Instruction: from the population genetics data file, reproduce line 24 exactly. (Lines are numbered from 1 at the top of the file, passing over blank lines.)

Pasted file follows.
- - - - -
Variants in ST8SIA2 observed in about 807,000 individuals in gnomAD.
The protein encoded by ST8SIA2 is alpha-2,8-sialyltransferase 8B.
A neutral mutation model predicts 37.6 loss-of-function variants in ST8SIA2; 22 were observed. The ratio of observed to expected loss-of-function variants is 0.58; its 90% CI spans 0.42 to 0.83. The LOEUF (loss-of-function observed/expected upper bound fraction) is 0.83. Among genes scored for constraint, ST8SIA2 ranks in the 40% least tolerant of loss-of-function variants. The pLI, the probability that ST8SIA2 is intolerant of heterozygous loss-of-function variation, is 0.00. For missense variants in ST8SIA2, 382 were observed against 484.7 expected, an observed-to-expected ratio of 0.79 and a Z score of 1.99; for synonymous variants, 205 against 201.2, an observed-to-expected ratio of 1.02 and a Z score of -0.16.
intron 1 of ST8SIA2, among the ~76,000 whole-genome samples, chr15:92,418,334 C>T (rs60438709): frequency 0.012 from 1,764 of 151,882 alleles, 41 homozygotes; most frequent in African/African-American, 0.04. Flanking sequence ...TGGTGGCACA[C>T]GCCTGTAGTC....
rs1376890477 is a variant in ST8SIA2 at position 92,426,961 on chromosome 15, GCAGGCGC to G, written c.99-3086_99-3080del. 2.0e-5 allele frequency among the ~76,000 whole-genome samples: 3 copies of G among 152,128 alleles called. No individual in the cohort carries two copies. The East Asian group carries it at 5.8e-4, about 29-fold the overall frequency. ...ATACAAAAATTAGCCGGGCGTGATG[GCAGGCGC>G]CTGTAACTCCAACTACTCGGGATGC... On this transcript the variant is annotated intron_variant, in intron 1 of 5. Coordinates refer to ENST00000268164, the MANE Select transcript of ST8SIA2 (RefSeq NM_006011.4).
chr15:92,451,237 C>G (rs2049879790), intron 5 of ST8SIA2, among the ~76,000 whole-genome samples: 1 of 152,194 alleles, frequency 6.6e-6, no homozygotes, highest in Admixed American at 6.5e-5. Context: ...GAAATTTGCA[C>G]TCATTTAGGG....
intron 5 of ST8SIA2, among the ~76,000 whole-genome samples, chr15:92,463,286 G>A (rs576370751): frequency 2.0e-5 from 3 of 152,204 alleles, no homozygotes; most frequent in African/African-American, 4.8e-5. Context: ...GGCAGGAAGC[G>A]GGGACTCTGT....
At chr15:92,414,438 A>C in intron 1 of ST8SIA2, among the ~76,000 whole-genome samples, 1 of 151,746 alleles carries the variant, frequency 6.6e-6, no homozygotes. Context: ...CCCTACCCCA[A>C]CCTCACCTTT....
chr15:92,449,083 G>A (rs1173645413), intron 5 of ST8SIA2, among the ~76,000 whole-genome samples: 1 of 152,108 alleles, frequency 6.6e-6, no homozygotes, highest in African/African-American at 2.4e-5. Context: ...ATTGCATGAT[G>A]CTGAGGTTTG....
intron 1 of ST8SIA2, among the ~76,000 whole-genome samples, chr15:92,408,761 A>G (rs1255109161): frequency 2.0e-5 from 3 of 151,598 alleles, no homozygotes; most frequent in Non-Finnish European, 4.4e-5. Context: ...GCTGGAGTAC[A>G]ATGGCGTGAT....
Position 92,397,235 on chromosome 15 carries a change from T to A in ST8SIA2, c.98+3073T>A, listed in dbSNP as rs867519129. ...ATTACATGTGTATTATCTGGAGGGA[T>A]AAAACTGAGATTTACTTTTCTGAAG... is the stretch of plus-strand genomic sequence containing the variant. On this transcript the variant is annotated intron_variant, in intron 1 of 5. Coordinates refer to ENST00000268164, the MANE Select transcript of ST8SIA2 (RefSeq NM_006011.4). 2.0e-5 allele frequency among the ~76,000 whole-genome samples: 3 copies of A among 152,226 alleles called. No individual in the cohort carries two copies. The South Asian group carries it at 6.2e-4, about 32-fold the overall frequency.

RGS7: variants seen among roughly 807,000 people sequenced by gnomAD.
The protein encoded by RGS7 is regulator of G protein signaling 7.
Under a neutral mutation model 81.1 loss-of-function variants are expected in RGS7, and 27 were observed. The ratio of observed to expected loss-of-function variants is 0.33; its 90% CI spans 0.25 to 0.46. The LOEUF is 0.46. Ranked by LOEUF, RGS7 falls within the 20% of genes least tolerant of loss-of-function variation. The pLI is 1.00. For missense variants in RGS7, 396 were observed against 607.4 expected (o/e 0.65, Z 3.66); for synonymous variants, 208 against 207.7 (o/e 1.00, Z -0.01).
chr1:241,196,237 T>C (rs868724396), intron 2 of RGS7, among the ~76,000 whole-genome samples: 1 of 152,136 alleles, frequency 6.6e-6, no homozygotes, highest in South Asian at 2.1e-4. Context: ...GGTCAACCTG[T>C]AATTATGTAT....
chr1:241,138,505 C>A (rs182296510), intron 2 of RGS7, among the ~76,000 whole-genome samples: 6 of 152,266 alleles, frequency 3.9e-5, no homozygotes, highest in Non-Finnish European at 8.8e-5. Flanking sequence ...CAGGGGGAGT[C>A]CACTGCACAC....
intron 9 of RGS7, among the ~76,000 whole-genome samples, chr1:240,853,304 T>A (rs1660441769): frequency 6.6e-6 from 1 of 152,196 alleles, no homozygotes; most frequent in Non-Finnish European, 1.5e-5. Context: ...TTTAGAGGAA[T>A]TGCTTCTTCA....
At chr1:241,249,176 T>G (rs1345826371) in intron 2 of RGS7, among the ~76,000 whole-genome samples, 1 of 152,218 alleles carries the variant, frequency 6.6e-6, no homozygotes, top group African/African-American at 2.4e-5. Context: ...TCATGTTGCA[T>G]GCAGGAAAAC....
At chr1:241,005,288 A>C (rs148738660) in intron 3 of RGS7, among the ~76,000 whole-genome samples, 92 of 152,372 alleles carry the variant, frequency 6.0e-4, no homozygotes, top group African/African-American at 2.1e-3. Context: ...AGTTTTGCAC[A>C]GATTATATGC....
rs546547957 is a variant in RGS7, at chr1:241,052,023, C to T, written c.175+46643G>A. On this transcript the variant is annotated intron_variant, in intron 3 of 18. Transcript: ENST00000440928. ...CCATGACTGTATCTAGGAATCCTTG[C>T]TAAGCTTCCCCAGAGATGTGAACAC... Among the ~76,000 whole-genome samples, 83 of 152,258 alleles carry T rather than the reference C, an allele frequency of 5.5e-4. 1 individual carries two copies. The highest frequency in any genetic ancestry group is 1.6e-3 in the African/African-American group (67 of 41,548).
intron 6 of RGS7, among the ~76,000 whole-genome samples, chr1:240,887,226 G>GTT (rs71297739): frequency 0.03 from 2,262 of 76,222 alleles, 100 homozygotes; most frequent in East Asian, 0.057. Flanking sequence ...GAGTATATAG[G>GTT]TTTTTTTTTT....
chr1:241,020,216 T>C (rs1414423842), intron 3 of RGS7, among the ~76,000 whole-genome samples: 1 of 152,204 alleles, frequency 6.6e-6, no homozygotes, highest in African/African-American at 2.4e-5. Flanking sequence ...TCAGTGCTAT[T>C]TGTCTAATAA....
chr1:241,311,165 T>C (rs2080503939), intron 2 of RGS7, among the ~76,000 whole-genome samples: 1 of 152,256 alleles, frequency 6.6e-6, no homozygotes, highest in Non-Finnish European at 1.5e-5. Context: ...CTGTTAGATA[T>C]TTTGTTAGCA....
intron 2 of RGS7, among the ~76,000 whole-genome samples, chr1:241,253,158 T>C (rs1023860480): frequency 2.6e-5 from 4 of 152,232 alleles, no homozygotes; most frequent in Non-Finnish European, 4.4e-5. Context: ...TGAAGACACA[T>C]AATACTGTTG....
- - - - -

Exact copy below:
intron 2 of RGS7, among the ~76,000 whole-genome samples, chr1:241,253,158 T>C (rs1023860480): frequency 2.6e-5 from 4 of 152,232 alleles, no homozygotes; most frequent in Non-Finnish European, 4.4e-5. Context: ...TGAAGACACA[T>C]AATACTGTTG....